Vayigash II: Can Peshat be Inspirational? (Part I)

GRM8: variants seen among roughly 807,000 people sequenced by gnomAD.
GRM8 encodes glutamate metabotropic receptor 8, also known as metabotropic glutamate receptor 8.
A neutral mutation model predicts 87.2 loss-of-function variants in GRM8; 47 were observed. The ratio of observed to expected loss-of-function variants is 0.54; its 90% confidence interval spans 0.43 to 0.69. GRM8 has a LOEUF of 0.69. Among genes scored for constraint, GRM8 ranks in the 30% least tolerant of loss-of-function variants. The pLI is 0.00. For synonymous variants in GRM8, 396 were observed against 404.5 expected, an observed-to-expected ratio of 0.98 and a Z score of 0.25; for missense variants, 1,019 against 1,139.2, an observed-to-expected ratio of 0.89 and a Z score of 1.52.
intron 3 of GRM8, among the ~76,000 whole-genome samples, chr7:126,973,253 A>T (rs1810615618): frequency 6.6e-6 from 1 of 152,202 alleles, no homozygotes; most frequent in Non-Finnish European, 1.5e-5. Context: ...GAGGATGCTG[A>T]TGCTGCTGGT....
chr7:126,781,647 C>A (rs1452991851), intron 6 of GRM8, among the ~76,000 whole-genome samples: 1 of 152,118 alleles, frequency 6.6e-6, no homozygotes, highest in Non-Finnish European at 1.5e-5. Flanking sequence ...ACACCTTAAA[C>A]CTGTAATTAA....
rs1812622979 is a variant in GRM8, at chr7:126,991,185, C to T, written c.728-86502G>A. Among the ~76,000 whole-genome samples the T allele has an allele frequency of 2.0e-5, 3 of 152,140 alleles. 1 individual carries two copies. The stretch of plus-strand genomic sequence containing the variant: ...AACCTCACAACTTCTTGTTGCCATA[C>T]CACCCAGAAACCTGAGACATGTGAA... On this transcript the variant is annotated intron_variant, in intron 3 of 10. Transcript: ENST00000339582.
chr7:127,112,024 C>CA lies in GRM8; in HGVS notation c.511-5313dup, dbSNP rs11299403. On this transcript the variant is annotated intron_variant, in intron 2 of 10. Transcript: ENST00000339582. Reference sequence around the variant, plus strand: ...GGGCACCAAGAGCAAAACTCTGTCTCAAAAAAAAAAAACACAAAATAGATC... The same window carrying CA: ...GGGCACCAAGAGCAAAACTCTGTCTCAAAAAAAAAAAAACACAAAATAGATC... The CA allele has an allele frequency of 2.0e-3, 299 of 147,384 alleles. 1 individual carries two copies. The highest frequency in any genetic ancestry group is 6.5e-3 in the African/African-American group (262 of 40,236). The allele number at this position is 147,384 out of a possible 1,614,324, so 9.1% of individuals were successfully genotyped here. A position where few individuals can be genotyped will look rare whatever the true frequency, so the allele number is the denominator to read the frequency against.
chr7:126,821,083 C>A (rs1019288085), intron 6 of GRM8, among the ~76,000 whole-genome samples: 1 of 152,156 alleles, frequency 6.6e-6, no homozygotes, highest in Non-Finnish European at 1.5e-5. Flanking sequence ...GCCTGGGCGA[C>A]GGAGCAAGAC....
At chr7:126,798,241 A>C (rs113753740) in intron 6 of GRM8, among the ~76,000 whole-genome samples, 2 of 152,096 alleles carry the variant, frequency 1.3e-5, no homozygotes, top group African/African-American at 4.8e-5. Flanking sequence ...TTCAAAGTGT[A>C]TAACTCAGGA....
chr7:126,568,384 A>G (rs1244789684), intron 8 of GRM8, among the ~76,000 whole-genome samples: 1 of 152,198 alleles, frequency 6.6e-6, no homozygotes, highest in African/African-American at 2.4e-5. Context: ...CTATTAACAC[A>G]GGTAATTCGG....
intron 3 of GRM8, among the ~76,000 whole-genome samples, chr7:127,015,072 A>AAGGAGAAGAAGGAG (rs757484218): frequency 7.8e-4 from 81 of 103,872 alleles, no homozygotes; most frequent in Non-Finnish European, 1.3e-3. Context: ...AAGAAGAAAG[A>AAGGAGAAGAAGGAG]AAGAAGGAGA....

אעלך גם עלה - כלומר ארד עמך וגם עלה אעלך, כמו וברכתם גם אותי. גם עלה. שנקבר עם אבותיו במערת המכפלה:In an earlier post, I commented on the ways in which peshat sometimes provides a convincing explanation that nonetheless deflates more inspirational and spiritual possibilities. In his comment on Bereishit 46:4, Rashbam provides us with another such example. This verse’s promise of return to Eretz Yisrael seems—in the context of the Torah’s larger narrative—to refer to the eventual redemption of Ya’akov’s descendants. The ominous buildup to slavery starts now and this verse hints at its eventual end. [See Ramban on 46:1 for this reading of the text.] But Rashbam wants to see this promise fulfilled to Ya’akov himself, in a more local, less archetypal way. So he proposes that the divine promise here is that Ya’akov will return to C’na’an, and he indeed does, albeit posthumously. This sort of explanation sometimes takes some of the drama out of the text, even as it often preserves accuracy; here I think it may overreach altogether and sacrifice the larger narrative that the lives of the Avot seem intended to highlight in the first place.